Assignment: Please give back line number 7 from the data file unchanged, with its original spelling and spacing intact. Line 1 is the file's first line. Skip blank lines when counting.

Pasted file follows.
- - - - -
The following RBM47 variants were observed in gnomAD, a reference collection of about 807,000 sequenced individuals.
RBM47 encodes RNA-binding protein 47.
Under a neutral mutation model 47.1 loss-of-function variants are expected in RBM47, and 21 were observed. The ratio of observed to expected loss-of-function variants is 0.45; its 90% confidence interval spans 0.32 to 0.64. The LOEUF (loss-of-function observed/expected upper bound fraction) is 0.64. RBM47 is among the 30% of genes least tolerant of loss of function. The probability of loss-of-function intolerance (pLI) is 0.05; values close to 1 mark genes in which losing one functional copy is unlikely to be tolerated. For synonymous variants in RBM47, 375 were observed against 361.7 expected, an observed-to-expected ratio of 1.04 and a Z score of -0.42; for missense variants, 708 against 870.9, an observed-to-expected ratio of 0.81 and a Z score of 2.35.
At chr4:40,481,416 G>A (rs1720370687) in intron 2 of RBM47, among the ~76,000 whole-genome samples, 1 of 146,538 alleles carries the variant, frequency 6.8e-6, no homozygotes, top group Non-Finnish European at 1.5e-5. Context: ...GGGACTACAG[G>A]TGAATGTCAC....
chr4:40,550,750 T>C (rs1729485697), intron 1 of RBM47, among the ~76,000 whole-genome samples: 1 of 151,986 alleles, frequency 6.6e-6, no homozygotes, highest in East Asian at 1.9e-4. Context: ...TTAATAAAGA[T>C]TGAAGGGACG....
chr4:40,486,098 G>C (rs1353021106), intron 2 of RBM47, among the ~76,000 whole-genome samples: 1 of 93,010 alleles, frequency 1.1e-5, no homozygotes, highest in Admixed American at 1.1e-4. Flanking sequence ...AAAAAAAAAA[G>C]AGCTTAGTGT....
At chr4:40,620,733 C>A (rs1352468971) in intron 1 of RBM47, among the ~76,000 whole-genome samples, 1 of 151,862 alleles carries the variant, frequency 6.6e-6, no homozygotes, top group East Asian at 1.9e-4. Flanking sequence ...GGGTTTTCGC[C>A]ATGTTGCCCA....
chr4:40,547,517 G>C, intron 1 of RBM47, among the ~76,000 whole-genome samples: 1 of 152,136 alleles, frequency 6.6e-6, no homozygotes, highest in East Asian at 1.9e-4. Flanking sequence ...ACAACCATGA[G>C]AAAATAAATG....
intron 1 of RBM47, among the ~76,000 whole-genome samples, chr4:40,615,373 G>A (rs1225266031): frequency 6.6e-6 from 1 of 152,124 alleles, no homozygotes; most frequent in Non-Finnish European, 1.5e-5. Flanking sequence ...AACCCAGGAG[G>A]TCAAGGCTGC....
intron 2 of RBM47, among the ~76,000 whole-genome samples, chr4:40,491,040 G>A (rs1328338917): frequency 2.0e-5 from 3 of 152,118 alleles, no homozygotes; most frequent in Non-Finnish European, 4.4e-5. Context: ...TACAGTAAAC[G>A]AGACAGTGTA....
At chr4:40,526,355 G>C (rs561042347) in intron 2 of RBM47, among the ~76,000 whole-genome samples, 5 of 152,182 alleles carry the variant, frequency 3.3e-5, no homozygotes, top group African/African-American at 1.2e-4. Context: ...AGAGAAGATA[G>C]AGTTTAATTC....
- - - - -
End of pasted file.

At chr4:40,620,733 C>A (rs1352468971) in intron 1 of RBM47, among the ~76,000 whole-genome samples, 1 of 151,862 alleles carries the variant, frequency 6.6e-6, no homozygotes, top group East Asian at 1.9e-4. Flanking sequence ...GGGTTTTCGC[C>A]ATGTTGCCCA....